Measuring Compton tomographic informational sufficiency using parallel-computed rank of system matrix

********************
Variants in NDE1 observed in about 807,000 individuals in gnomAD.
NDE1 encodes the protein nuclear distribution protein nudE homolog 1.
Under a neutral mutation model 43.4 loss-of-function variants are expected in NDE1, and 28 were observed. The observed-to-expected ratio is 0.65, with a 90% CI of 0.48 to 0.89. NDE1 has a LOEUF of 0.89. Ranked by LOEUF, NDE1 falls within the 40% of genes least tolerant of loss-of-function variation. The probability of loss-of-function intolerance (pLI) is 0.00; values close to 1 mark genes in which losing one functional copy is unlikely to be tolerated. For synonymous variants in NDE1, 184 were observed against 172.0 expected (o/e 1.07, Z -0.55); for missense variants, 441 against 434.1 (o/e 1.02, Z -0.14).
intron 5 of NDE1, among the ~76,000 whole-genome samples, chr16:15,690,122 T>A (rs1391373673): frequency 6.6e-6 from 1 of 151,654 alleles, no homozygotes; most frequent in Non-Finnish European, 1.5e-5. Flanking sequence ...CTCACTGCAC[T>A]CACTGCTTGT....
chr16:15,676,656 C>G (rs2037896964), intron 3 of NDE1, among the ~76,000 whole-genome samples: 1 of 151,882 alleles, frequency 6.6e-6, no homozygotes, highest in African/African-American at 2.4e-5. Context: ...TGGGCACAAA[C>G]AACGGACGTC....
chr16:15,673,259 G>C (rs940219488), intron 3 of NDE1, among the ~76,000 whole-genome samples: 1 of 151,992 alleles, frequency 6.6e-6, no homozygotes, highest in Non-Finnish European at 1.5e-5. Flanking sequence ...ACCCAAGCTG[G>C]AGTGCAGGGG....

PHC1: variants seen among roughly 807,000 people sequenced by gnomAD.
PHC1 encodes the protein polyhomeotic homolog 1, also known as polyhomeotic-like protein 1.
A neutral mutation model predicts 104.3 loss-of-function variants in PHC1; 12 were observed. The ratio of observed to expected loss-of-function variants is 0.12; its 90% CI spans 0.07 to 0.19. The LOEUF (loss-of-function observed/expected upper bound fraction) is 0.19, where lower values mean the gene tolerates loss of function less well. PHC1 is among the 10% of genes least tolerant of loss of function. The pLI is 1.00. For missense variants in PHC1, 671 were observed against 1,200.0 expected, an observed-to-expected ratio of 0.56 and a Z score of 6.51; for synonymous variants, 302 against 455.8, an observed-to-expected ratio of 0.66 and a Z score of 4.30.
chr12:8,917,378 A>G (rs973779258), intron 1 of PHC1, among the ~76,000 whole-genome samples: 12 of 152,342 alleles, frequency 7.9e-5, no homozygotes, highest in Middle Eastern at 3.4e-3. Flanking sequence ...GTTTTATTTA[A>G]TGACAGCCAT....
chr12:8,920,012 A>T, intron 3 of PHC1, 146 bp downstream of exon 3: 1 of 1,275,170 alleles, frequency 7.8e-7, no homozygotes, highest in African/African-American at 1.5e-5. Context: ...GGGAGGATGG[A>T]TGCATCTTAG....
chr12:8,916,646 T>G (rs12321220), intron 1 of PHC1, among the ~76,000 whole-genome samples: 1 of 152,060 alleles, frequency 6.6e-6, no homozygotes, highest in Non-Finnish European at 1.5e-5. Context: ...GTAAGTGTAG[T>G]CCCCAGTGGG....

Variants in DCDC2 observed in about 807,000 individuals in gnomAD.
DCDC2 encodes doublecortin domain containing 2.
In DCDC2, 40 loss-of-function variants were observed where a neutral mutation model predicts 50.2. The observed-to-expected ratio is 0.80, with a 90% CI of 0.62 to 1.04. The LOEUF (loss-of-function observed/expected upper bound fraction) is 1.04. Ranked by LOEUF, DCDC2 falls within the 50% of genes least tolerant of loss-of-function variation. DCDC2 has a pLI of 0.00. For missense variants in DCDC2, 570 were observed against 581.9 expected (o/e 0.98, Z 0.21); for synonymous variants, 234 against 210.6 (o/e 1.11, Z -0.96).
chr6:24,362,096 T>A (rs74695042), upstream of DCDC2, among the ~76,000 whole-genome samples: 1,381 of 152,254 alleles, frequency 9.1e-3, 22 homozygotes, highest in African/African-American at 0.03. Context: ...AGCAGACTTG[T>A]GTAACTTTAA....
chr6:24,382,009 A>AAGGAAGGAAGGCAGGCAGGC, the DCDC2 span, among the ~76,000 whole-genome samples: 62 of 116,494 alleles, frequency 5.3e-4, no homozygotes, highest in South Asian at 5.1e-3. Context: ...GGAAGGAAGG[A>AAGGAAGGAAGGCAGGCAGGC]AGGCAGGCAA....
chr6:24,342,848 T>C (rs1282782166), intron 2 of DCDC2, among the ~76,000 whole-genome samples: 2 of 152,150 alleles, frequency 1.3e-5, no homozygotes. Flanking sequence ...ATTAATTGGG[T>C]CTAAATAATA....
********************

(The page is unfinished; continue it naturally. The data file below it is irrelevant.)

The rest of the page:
Compton gamma-ray scattering cameras promise to be a better alternative to PET or SPECT medical imaging for many applications. However, conventional designs for these cameras measure data that is not sufficient to satisfy completeness conditions for analytic image reconstruction. The literature proposes alternative designs that measure sufficient data to satisfy completeness conditions. As an alternative to the Central Slice Theorem for two-dimensional tomography, this thesis develops and applies software to calculate system matrix rank as a measure of the informational sufficiency for Compton cameras. A first set of software modules computes system matrices containing over 109 floating-point elements for discrete models of the conventional design and for an alternative design. A second set of modules verifies the correctness of the matrix computation by generating sets of measurements for a phantom image and then solving linear least squares using the Scalable Linear Algebra Package (ScaLAPACK) on multiple parallel computing nodes, comparing the result with the phantom. Another module finds the rank of the matrices by parallel-computing the Singular Value Decomposition (SVD) and tallying the effective singular values to determine the rank.